Political violence has, in truth, been at least as quintessentially a part of the American political tradition as the supposedly miraculous peaceful transition of power: from the rural rebellions of the 1790s and the white suppression of black voters during Reconstruction to the long tradition of labour and civil rights resistance. When in the aftermath of the January 6th riot, Joe Biden issued a statement claiming: “The scenes of chaos at the Capitol do not reflect a true America, do not represent who we are,” he was only half right. It is true that the US has a long tradition of peaceful, ordered, rational politics, but Trump keeps me awake because he is the latest, and perhaps the most dangerous, reminder of America’s darker, and no less potent, political tradition.

In an important book published in 2020, the political scientists Suzanne Mettler and Robert Lieberman identified four recurrent threats to American democracy: political polarisation, excessive executive power, conflict over who belongs in the political community, and high levels of economic inequality. What is new about the current state of the US, Mettler and Lieberman argue, is that for the first time all four of these threats are in play at the same time.

In the 1790s, there was intense political polarisation, with Jefferson’s and Adam’s supporters each convinced that the triumph of the other would mark the end of the brief experiment in republican government. In the Thirties, mass unemployment and widespread poverty raised profound questions about the viability of the American system. At various times, in the 1890s and again in the Sixties, conflict over who should be included in the political nation threatened to tear the country apart. And anxiety over excessive executive power — a tyrant in the White House — roiled politics in the eras of Andrew Jackson, Abraham Lincoln, Franklin Roosevelt and Richard Nixon.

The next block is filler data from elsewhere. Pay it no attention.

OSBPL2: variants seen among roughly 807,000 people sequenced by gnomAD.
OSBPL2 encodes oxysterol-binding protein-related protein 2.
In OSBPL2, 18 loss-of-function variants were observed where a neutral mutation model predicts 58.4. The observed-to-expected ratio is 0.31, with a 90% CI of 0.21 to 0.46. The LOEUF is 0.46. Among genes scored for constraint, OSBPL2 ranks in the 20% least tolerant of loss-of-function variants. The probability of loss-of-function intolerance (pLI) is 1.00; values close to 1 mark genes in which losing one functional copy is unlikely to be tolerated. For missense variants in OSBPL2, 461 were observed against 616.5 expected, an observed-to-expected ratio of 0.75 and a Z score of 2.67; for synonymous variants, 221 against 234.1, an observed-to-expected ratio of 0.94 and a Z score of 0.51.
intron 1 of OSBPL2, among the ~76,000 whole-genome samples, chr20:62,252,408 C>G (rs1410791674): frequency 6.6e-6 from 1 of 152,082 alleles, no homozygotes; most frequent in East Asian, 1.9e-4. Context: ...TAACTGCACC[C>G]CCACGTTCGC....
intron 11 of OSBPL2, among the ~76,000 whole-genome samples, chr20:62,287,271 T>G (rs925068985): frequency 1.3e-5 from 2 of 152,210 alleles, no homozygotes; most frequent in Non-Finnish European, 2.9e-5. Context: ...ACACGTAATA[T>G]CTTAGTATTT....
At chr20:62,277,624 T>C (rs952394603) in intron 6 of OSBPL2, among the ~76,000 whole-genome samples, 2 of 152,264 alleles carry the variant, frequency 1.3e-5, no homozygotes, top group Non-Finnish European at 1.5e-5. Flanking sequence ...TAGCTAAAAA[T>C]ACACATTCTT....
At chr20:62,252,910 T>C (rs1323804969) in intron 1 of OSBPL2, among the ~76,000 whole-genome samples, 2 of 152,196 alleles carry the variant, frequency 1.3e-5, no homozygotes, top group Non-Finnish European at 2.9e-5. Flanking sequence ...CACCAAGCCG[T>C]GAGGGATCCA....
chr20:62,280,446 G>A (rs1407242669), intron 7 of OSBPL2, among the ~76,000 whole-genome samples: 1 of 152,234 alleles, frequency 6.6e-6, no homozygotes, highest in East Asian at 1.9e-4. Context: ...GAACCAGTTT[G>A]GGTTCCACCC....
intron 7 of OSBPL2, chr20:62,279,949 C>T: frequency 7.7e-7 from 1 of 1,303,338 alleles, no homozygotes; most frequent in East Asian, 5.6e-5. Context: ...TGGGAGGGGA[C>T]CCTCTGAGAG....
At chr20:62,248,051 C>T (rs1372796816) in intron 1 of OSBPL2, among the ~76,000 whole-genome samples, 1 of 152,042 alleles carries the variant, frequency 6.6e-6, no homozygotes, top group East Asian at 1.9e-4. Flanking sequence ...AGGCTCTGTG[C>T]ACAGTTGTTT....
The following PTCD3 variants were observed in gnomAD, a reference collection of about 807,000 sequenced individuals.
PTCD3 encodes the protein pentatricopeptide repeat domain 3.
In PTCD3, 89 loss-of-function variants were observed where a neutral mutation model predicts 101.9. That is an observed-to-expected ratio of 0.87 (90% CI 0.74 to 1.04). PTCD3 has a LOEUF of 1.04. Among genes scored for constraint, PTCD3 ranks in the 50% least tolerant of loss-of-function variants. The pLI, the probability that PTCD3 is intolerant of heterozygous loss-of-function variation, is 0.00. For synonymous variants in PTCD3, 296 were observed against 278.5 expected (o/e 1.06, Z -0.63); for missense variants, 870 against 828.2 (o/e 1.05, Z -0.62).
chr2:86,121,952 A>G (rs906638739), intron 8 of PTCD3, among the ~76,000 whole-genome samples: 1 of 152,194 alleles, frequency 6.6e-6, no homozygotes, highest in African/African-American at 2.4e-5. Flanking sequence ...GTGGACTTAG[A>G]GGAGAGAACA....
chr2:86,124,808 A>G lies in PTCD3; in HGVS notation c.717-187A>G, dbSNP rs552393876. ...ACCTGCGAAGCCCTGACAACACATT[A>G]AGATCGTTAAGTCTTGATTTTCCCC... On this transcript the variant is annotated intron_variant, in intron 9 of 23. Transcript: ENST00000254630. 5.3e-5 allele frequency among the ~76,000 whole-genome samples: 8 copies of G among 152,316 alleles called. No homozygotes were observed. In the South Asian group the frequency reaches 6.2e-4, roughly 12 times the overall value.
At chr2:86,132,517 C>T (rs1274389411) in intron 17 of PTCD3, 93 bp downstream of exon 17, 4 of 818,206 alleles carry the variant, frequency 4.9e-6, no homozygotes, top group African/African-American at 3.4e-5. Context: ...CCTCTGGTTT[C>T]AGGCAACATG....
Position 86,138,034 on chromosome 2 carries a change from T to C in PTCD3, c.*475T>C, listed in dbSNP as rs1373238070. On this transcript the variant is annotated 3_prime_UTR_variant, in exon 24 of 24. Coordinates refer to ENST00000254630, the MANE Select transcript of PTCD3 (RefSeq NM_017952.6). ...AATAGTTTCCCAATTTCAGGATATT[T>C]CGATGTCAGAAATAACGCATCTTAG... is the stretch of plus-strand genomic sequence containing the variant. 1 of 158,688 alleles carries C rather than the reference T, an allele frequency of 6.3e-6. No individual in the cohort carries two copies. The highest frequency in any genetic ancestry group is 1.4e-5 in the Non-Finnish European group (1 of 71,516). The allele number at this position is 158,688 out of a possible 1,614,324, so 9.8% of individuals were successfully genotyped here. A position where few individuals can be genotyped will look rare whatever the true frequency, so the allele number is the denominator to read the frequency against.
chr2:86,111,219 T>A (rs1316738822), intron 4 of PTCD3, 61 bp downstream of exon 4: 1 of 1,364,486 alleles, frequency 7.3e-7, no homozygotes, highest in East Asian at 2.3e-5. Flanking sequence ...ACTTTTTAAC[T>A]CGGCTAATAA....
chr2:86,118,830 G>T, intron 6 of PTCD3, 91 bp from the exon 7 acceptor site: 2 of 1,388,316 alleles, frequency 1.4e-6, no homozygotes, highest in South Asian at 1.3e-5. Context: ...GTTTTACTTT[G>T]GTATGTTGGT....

But in all these previous moments of crisis, there were also steadying forces. In the Sixties and Seventies, for example, racial conflict and fears of an over-mighty presidency were contained because the two parties did not represent alternative sides in the conflict. Today, extreme partisan polarisation of a kind not seen since the 1790s makes the instability caused by the other three threats exponentially worse.

Mettler and Lieberman gamely end their book on a positive note by quoting Abraham Lincoln at Gettysburg urging Americans in the middle of the Civil War to “be dedicated to the unfinished work which they who fought here have thus far so nobly advanced” and that “this nation, under God, shall have a new birth of freedom”. Fair play to them: it is always worth returning to Lincoln, for he made the case for democracy as an ongoing struggle better than anyone else has ever done. But at Gettysburg in 1863, there were still another two years of bloody war ahead, a war that was the ultimate example of the breakdown of normal politics. It is not an encouraging precedent.

Adam Smith is Professor of US Politics & Political History at Oxford University. His specialism is the American Civil War.